Though it’s hard these days to justify any new expense to corporate budgets, financial managers have still been able to persuade their executive colleagues to approve the cost of credit insurance policies, says Victor Sandy, executive vice president of Global Commercial Credit, an insurance agency
Fear is the driving force. “A lot of companies are feeling pressure on their margins very hit, it takes that much more in sales volume to recover,” he says. “It makes sense to take that risk off your books.”
With most companies on the defensive, credit insurance provides an extra layer of protection that calms jittery bankers and investors, too. The cost of credit insurance can be offset when the policy is presented as evidence of reduced exposure to lenders. “A lot of companies can use it to adjust their cost of funds. It’s not just a passive risk hedge,” says Sandy.
Chronic, widespread economic distress is irrevocably repositioning credit insurance at many corporations from an as-needed service to a usually needed service, says Peter L. Aitken, vice president, Trade Credit Chubb Group of Insurance Companies, based in Warren, NJ “It’s now a mindset,” he says. “Companies are looking at a credit risk as something that they need to pay attention to, rather than looking at individual cases or only when things get bad. The attitude is, ‘We’ve got to find things to regularly and collectively protect this asset.’ ”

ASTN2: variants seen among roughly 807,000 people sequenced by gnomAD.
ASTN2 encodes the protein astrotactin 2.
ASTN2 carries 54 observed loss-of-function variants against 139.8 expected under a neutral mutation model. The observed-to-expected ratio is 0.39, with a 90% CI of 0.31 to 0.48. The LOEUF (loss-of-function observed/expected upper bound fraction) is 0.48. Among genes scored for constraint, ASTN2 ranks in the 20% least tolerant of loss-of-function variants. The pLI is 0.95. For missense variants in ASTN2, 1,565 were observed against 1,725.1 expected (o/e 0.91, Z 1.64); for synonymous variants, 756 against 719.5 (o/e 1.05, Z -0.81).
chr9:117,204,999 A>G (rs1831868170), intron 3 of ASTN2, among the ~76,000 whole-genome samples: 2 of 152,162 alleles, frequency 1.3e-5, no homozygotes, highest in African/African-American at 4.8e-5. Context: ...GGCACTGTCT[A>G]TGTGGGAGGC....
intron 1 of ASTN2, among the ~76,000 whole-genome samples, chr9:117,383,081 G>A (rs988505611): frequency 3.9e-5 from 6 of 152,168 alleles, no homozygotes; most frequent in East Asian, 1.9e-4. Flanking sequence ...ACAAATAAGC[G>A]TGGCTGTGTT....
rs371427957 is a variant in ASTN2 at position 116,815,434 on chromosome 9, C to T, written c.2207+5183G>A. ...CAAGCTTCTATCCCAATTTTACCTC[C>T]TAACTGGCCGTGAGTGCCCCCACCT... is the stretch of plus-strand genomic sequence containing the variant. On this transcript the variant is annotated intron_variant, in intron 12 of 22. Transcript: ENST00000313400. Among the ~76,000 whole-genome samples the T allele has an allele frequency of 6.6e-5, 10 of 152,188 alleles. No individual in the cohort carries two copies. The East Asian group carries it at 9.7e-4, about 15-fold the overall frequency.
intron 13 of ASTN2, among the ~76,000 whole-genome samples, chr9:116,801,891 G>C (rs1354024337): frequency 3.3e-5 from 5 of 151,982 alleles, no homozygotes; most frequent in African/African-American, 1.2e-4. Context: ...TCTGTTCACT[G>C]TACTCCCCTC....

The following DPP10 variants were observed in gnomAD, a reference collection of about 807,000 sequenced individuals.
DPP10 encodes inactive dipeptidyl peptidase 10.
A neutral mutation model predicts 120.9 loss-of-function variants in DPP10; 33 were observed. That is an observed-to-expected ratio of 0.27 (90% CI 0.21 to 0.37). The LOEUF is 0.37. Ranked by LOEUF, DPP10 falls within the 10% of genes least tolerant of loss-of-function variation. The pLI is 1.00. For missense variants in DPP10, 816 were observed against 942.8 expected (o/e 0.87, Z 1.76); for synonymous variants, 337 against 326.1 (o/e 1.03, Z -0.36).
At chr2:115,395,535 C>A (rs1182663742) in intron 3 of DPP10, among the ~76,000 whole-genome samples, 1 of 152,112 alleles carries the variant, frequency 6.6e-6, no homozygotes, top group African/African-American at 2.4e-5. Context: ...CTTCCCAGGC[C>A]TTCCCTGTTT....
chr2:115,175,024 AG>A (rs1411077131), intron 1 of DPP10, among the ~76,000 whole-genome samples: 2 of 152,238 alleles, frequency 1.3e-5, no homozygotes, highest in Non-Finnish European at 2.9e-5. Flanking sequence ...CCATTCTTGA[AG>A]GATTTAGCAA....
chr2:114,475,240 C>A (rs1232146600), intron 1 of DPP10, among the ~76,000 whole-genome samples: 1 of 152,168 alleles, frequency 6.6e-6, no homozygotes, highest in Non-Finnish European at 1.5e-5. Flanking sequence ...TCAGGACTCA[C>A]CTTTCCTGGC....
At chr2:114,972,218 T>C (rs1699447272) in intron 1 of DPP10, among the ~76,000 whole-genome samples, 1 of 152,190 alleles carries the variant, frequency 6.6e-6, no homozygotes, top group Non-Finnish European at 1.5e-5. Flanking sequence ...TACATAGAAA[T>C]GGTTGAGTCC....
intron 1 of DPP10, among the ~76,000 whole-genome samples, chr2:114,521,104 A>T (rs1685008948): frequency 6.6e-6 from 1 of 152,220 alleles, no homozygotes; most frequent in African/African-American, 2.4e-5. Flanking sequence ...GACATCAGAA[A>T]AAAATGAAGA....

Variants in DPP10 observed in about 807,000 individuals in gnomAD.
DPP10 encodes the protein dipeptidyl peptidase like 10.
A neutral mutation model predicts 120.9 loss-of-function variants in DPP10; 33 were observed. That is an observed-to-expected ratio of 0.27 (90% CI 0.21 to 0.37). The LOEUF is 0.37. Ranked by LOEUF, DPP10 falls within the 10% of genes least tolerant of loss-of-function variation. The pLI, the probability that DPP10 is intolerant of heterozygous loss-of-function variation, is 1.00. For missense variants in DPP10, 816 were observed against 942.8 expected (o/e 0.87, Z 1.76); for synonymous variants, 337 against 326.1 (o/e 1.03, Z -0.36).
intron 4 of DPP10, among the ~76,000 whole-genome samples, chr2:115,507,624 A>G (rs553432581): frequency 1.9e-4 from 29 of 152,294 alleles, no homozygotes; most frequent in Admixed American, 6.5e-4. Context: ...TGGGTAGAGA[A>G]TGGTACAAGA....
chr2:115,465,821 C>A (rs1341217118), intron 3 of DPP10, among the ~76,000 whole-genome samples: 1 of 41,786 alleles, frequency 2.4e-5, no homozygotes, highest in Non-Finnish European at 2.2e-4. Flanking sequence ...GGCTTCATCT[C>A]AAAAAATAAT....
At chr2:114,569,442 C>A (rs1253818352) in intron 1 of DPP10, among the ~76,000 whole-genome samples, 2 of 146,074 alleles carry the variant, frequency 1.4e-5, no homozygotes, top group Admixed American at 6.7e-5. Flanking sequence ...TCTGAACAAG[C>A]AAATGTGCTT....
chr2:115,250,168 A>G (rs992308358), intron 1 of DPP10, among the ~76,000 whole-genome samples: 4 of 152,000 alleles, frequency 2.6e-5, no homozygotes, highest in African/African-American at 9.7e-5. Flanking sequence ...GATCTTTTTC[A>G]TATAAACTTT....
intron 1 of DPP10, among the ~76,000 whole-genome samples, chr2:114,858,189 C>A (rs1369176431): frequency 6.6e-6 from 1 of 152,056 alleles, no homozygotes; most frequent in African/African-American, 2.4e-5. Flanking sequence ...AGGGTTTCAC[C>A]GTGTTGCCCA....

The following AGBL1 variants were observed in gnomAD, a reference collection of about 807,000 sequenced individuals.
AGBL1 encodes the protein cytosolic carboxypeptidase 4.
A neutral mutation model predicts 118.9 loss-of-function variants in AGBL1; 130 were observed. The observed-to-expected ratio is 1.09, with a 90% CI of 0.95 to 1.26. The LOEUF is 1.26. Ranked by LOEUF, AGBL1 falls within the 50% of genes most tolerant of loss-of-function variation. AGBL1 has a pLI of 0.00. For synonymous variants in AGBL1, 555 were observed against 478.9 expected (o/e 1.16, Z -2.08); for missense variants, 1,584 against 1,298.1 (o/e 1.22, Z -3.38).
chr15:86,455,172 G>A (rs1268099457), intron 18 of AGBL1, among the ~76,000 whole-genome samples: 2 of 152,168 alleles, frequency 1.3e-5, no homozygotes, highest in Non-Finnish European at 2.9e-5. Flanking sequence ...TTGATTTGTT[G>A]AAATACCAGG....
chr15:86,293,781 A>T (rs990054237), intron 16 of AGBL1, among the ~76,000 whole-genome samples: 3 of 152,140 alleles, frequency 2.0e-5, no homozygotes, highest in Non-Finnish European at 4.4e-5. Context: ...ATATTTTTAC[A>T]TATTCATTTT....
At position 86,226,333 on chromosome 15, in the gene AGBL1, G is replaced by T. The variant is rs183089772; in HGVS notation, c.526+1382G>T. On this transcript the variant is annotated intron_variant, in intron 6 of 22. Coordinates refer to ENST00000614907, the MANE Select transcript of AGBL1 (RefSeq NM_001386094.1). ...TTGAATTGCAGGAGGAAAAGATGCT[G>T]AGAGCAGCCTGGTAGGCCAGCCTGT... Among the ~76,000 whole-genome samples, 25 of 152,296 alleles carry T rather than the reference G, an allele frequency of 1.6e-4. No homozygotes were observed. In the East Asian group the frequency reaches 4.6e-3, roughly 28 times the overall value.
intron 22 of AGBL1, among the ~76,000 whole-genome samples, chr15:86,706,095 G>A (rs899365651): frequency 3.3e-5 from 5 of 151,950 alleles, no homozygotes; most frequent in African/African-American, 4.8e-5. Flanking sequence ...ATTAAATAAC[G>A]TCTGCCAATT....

Chubb is best known for writing policies on entire accounts receivable portfolios, but much of its recent growth stems from its willingness to tailor a policy to reflect a company’s biggest worries. That might mean blending a blanket policy with policies written to cover specific situations or companies, explains Aitken.
As well, Chubb has found that getting the word out through its network of independent insurance brokers, which carry its property and casualty lines, has been remarkably effective. Companies that may have been reluctant or uninformed about pursuing a specialty insurance underwriter are very open to adding credit insurance to their existing Chubb policies, he says.
Things are even better at Euler Hermes ACI, based in Baltimore, where new business for the first two months of 2003 was double that for the first two months of 2002, reports Joseph A. Ketzner, executive vice president. Bigger companies are leading the pack, reports Ketzner, motivated by the spectacular crash-and-burn scenarios of K-Mart, WorldCom, and numerous high-profile tech companies. It can take as long as 24 months for bad credit implications to ripple through a supply chain all the way to the end. While that’s happening, companies watch nervously to see who goes down and who survives.
They can do more than cross their fingers Euler, like other underwriters, is getting more involved in daily risk management, which gives client companies the chance to react to unfolding events instead of just close their eyes and pray.